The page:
Majority of nail polish improperly labeled, some contain lead: CF
In the latest spot check by the CF, one out of 46 nail polish products, “Bichun high-quality nail polish (6),” contained over 1,000 ppm (parts per million) of the potentially deadly substance — far greater than the standard allowable limit by the Department of Health (DOH) of 20 ppm, explained Cheng Jen-hung, foundation chairman.
For someone who has a nail-biting habit, this especially alarming because ingesting lead-contaminated materials can cause lead poisoning, said Cheng. When ingested at very high levels, it can cause seizures, coma, and may even cause death.
Even in small amounts, long-term exposure to lead can cause slow poisoning which leads to health complications such as abdominal pain and nervous system problems, added Cheng.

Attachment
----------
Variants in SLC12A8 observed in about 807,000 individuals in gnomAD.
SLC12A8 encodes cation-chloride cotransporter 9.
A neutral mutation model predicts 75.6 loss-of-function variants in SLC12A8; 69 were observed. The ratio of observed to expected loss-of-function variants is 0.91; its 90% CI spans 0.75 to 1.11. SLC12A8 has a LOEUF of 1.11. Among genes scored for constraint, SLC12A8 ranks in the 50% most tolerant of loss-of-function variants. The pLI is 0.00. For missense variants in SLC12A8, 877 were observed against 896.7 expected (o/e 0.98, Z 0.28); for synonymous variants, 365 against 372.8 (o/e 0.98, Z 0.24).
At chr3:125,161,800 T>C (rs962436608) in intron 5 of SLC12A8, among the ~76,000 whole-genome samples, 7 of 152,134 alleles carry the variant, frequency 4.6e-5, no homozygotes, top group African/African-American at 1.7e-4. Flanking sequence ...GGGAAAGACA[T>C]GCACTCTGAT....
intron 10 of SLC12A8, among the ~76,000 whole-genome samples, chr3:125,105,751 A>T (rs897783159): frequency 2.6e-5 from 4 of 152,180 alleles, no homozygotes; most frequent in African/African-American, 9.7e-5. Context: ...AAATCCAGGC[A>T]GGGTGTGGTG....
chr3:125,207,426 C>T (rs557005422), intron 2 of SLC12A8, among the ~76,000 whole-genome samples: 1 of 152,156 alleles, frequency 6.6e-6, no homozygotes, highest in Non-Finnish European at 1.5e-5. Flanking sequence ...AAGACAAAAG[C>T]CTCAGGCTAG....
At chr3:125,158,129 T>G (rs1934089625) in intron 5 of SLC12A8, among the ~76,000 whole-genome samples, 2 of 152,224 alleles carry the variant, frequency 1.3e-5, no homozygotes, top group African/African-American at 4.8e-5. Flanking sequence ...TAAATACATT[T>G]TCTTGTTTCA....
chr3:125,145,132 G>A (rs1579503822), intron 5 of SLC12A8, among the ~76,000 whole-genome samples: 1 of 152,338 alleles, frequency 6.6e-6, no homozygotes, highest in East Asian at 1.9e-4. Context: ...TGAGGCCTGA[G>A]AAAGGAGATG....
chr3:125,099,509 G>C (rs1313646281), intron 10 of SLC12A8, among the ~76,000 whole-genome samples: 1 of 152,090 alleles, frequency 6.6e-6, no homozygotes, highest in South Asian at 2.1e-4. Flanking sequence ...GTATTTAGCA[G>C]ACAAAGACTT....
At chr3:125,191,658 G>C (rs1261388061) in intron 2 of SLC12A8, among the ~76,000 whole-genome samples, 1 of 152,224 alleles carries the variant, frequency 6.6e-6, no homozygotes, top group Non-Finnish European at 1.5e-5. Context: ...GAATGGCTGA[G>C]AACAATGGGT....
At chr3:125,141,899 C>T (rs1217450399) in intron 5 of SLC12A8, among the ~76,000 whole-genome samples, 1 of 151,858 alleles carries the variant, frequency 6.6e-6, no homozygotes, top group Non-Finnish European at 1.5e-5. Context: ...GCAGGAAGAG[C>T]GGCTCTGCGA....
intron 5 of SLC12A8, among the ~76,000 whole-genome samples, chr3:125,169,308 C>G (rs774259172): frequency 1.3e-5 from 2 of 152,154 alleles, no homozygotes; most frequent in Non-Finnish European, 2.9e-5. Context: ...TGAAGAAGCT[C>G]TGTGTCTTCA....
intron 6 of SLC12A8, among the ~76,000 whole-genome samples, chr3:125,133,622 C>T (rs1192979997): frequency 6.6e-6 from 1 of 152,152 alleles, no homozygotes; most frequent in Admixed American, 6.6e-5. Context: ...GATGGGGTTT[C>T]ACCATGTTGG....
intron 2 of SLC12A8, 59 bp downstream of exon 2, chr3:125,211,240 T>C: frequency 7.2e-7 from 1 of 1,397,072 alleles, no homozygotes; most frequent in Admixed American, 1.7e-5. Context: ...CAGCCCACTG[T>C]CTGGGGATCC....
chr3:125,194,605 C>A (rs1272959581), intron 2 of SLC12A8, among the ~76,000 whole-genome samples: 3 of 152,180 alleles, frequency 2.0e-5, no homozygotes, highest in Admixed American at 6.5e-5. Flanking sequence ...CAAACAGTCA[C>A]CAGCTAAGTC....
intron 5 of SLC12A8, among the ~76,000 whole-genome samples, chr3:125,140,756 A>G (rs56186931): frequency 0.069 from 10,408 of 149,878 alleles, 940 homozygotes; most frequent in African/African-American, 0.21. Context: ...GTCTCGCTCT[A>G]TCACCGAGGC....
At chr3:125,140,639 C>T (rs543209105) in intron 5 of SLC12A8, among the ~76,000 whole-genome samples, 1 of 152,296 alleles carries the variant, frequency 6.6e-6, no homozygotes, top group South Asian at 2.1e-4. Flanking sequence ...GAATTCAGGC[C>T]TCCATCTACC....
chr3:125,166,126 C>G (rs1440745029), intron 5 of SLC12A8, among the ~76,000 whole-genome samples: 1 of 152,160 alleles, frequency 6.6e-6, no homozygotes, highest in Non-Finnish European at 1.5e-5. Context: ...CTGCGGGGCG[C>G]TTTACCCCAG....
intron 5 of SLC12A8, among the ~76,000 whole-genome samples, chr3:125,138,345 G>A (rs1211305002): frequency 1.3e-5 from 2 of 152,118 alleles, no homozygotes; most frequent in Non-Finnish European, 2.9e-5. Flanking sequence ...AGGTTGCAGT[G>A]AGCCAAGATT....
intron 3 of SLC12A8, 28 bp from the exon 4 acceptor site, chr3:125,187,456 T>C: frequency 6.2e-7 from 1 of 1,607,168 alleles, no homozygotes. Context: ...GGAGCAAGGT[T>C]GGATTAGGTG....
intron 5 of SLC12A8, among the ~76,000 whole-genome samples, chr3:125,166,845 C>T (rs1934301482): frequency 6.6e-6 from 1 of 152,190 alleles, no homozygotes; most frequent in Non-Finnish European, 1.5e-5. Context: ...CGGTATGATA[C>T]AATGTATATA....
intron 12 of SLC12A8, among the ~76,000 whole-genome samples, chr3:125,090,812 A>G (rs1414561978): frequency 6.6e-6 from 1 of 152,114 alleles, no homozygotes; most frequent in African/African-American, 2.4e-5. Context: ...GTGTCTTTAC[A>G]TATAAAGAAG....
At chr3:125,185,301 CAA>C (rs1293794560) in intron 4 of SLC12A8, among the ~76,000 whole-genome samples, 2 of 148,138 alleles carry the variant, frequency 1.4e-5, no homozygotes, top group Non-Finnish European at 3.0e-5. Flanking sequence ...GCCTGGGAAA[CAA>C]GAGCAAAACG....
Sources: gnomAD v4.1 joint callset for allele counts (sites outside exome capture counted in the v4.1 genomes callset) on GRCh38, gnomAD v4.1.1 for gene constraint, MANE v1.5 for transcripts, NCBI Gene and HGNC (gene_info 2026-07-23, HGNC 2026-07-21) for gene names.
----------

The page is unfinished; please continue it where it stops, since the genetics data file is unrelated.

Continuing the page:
Lead exposure is particularly harmful to young children by affecting their developing brains and nervous systems, he also noted.
In addition, Cheng said that the DOH requires that all cosmetic products sold nationwide contain labels with information including the manufacturer’s name, manufacturer’s address, product name, ingredients, item number, method of use, weight, and date of manufacture.
But the inspection revealed that 31 out of the 46 samples, or 67 percent, did not meet the labeling requirements, said the chairman.
Cheng advised nail polish users to allow about a week in between applications to let nails rest and breathe. Expectant mothers and those with nail conditions should avoid using nail polish altogether, he said.
The CF in March collected a random sample group of nail polish products in different hues of red — the most common color sold — from thrift stores, night markets, pharmacies, and shopping centers throughout the island, including areas such as Taipei, Taichung, Nantou, Changhua, Tainan, Kaohsiung, and Pingtung.
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